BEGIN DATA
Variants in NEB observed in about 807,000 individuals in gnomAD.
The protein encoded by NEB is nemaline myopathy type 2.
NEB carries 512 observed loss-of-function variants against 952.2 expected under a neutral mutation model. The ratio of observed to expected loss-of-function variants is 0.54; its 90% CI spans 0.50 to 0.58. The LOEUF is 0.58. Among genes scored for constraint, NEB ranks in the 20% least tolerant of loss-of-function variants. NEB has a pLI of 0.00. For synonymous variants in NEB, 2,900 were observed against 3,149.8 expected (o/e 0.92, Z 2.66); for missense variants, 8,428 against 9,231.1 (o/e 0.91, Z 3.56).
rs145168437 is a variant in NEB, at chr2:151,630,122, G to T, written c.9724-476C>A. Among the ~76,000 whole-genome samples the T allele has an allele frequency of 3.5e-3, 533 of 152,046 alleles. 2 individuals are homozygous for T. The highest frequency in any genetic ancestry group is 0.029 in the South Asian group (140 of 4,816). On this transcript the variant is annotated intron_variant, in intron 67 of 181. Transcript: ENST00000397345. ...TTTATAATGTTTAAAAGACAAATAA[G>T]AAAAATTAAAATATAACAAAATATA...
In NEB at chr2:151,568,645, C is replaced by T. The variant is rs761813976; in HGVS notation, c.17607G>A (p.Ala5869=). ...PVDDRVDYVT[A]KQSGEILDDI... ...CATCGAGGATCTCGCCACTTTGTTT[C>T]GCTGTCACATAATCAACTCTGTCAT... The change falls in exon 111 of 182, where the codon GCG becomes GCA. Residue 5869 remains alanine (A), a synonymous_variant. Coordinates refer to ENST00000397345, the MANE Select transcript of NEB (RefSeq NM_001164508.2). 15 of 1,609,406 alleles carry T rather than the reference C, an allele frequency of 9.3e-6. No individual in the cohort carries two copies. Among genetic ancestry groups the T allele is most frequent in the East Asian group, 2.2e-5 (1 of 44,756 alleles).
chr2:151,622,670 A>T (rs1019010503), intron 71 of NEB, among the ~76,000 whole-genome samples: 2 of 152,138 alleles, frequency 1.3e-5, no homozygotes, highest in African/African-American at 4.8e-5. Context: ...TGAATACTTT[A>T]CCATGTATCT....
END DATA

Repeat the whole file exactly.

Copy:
Variants in NEB observed in about 807,000 individuals in gnomAD.
The protein encoded by NEB is nemaline myopathy type 2.
NEB carries 512 observed loss-of-function variants against 952.2 expected under a neutral mutation model. The ratio of observed to expected loss-of-function variants is 0.54; its 90% CI spans 0.50 to 0.58. The LOEUF is 0.58. Among genes scored for constraint, NEB ranks in the 20% least tolerant of loss-of-function variants. NEB has a pLI of 0.00. For synonymous variants in NEB, 2,900 were observed against 3,149.8 expected (o/e 0.92, Z 2.66); for missense variants, 8,428 against 9,231.1 (o/e 0.91, Z 3.56).
rs145168437 is a variant in NEB, at chr2:151,630,122, G to T, written c.9724-476C>A. Among the ~76,000 whole-genome samples the T allele has an allele frequency of 3.5e-3, 533 of 152,046 alleles. 2 individuals are homozygous for T. The highest frequency in any genetic ancestry group is 0.029 in the South Asian group (140 of 4,816). On this transcript the variant is annotated intron_variant, in intron 67 of 181. Transcript: ENST00000397345. ...TTTATAATGTTTAAAAGACAAATAA[G>T]AAAAATTAAAATATAACAAAATATA...
In NEB at chr2:151,568,645, C is replaced by T. The variant is rs761813976; in HGVS notation, c.17607G>A (p.Ala5869=). ...PVDDRVDYVT[A]KQSGEILDDI... ...CATCGAGGATCTCGCCACTTTGTTT[C>T]GCTGTCACATAATCAACTCTGTCAT... The change falls in exon 111 of 182, where the codon GCG becomes GCA. Residue 5869 remains alanine (A), a synonymous_variant. Coordinates refer to ENST00000397345, the MANE Select transcript of NEB (RefSeq NM_001164508.2). 15 of 1,609,406 alleles carry T rather than the reference C, an allele frequency of 9.3e-6. No individual in the cohort carries two copies. Among genetic ancestry groups the T allele is most frequent in the East Asian group, 2.2e-5 (1 of 44,756 alleles).
chr2:151,622,670 A>T (rs1019010503), intron 71 of NEB, among the ~76,000 whole-genome samples: 2 of 152,138 alleles, frequency 1.3e-5, no homozygotes, highest in African/African-American at 4.8e-5. Context: ...TGAATACTTT[A>T]CCATGTATCT....